Jay Paterno says finality of season hit him

January, 2, 2012
1/02/12
3:49
PM CT
DALLAS -- Walking off the field at the Cotton Bowl after a 30-14 defeat at the hands of Houston in the TicketCity Bowl, quarterbacks coach Jay Paterno thought about the fact that a tumultuous 2011 season was over.

"The last two and a half months, we've been to hell and back in a lot of ways," Paterno said shortly following the game. "But more so for our kids. They did nothing."

Paterno said he thought about the victims and the various folks at the university that he's known for a long time that are dealing with the allegations against former defensive coordinator Jerry Sandusky.

"The one good thing that's come out of it is the character of the players that we have on our team and that's been shown to everyone," Paterno said. "I hope and pray that justice is done in the end. Sometimes you have to endure some things that are very, very difficult for the right things to happen."

Paterno said he talked to his father this week and that he was doing OK. But he admits that he's missed coaching games with his dad.

"It wasn't easy going to the practice field without him and coming to game day without him," Paterno said. "He's had a big impact in my life and will continue to in a different role. I always walked in the stadium knowing we had an ace up our sleeve in Joe."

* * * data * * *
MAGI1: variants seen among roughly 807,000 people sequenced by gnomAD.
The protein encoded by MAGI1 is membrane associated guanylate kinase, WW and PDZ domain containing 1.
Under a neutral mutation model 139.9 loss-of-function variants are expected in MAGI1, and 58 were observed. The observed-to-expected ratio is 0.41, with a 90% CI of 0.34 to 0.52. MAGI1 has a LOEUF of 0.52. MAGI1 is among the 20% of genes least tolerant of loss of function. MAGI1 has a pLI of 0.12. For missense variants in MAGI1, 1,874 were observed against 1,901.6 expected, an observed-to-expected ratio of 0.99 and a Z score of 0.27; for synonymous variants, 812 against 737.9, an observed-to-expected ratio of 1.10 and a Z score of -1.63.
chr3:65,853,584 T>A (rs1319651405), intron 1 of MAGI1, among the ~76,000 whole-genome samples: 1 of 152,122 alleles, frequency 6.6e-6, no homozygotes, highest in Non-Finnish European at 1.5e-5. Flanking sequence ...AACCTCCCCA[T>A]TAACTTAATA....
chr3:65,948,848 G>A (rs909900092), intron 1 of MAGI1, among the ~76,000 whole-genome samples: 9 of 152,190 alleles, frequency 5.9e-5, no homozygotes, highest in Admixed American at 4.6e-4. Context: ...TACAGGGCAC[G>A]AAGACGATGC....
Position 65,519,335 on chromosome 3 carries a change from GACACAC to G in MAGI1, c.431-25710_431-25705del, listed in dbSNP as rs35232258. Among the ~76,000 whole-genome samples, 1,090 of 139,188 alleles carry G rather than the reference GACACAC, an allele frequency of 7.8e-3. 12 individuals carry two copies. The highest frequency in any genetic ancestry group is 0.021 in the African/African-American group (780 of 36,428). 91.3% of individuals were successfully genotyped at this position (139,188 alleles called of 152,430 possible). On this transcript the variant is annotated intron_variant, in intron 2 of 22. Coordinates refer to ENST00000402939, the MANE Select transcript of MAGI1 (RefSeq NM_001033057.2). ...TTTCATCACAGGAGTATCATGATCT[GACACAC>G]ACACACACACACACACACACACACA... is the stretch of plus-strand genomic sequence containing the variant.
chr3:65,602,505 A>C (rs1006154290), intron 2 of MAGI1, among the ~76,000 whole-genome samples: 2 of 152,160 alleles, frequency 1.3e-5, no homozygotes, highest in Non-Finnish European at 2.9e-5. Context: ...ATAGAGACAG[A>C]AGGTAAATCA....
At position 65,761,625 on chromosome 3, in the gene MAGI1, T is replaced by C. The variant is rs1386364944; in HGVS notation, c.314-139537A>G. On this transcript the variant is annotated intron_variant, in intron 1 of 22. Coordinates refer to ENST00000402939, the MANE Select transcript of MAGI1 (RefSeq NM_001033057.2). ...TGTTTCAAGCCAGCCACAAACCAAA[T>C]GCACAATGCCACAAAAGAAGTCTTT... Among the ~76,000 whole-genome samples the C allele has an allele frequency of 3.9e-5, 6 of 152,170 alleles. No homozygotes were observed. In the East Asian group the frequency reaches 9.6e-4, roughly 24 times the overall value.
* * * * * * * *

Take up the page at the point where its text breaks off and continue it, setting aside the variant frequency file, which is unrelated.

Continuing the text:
Jay Paterno said that his dad has told him to not worry about him and "do your job."

Paterno plans on hitting the recruiting trail this week as he awaits word on a new head coach at Penn State and whether he'll be retained.

"You have kids in this program that will give every ounce of everything they have, no matter what happens to them internally or externally," Paterno said. "I'd like to be here next year at Penn State. I'd like to spend the next 25 years of my life coaching here as an assistant coach or the head coach. Penn State is a great institution."

Interim coach Tom Bradley spoke to the team shortly after the game.

"I wanted to thank them for all the things that they did for all of us, for what they had been through," Bradley said. "I told them we still had a lot to be thankful for. Things didn't go our way today. I told them in life it doesn't always work out that way. It's not what happens to you, it's how you react to it.

"I thought they had a tough go for four weeks, 50 some days, whatever it was, unique situation, obviously different. But I told them to stick together as a team. They're always going to be teammates for the rest of their life -- be proud of what they did accomplish."
Richard Durrett joined ESPNDallas.com in September 2009. He writes about colleges, the Dallas Stars and the Texas Rangers. Richard spent nine years at The Dallas Morning News covering the Rangers, Stars, colleges, motorsports and high schools.

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